Issue 47 - The Housing Market Continued - Jan 2009
With the U.S. election out of the way, possibly we will begin to see a little more clearly, the way forward. Although it will be some weeks before his inauguration, it seems that Barack Obama is moving quickly to do what he can to mitigate the effects of what has become known as the credit crunch.
It is interesting to observe the global effects that the shortage of funds is having on world trade, quite apart from the effects within U.S.A. Because banks and investment companies in U.S.A. sold what turned out to be increasingly shonky investments to an investment hungry world, the world now has to bear the pain that should have been confined to the U.S.
While the effects on New Zealand were slow in coming, that they are here now is very, very obvious. Banks are again requiring deposits of a minimum 20% in many cases. (As an aside, I have always thought it ridiculous that at and near the top of the housing market, banks would lend 100% of the purchase price. This merely extended the apparent ‘boom’ in the housing sector and increased both the likelihood of a crash and its severity.)
The effect of this increased deposit requirement is that most first home buyers are being shut out of the market for now. Just as we were getting to the point where lower prices for existing housing stock were making it easier for buyers, we have this increased deposit requirement making it harder again.
If we assume a typical ‘first home’ in this area as being worth, say, $300,000, then most buyers of such a property are going to have to find $60,000 for their equity contribution whereas previously they weren’t required to save anything. While in the medium term this is not necessarily a bad thing, it does mean that there is presently a ‘log-jam’ with many potential buyers struggling to save deposits, while the houses they could have bought sit on the market unsold.
I firmly believe that it is this deposit requirement that is behind the apparent increase in the price of houses sold in October. Because of the dearth of sales in the lower end of the market (as a result of the deposit requirement) the median price is somewhat higher than it would have been had the new deposit regime not been in place. That higher-priced properties are still selling at all, may well be because the buyers of those properties have sufficient equity in their existing property to use as the deposit for their purchase, while retaining the original property as a rental.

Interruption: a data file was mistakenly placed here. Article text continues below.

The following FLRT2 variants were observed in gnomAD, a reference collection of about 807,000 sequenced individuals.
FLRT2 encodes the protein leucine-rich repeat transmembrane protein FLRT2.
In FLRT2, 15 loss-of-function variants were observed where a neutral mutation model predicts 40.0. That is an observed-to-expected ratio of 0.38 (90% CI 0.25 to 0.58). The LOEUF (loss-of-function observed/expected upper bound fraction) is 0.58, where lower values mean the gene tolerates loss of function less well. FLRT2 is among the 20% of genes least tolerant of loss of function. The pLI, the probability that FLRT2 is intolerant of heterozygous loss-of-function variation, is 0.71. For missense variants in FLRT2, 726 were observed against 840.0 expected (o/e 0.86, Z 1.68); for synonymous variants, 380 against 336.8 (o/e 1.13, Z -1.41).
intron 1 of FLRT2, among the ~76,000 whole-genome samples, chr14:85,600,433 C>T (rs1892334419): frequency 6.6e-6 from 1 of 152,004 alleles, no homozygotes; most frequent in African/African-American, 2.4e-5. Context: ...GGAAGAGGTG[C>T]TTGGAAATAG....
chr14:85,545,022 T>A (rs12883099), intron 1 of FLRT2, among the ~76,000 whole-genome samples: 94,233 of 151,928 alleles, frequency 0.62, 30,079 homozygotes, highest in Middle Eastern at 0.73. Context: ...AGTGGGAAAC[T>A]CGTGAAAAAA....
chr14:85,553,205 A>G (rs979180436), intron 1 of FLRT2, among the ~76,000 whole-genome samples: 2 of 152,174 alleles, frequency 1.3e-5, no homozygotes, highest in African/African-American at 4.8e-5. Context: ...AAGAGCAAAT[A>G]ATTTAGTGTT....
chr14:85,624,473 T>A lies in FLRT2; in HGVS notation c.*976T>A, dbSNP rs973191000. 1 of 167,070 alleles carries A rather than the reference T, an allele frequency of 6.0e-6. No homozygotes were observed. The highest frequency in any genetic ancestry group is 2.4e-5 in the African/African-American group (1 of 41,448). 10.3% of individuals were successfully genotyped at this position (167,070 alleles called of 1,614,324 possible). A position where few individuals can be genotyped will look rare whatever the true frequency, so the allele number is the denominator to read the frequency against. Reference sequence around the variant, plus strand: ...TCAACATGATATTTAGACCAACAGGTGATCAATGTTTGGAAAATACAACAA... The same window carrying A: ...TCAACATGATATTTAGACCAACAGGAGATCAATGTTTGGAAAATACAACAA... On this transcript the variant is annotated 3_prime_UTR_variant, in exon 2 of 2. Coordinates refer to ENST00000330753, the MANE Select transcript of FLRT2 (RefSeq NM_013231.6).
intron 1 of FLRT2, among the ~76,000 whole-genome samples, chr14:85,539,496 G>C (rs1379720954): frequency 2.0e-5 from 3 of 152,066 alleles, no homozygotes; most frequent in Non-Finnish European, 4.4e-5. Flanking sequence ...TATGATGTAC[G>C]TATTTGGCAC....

I have to take issue with those who, at the first sighting of what appear to be statistics favourable to themselves or their cause, leap into print without first thinking about all the reasons why those statistics are as they are. That there has been a marked decrease in lower value sales (as shown by the closure of a number of real estate offices in our immediate area) should have been a clue. Sales volume has decreased markedly and the number of salespeople has similarly decreased. When volume decreases, prices also retreat. Sale prices are unlikely to rise until the surplus of properties available for sale, has been reduced markedly.
Believe me, property prices are still going down and they will continue to do so until such time as a sufficient number of potential buyers manage to save enough for a deposit on their first home. With a little bit of luck, the world’s financial systems will be mended sufficiently in the not-too-distant future for banks to relax their deposit requirements. That will be the day that the great log-jam starts to become un-jammed.
In the meantime, there are a number of factors that will preclude any widespread increase in property sale prices. Apart from the deposit requirements, there are increasing prices of imported consumer goods reducing our capacity to save (as a result of our dollar being worth so much less); possible decreases in our export sales (just when we thought that the lower value N.Z. dollar would help boost sales, we find ourselves in a global financial meltdown); and lower consumer spending within N.Z., all pointing towards increasing unemployment (tipped to reach 6% before too long) that may increase the number of forced property sales.
The October tax cuts will assist N.Z. consumers and the promised further cuts scheduled for early 2009 will assist further. What would really help, however, is a boost in confidence for every New Zealander. For that, I think that we will have to wait a little longer.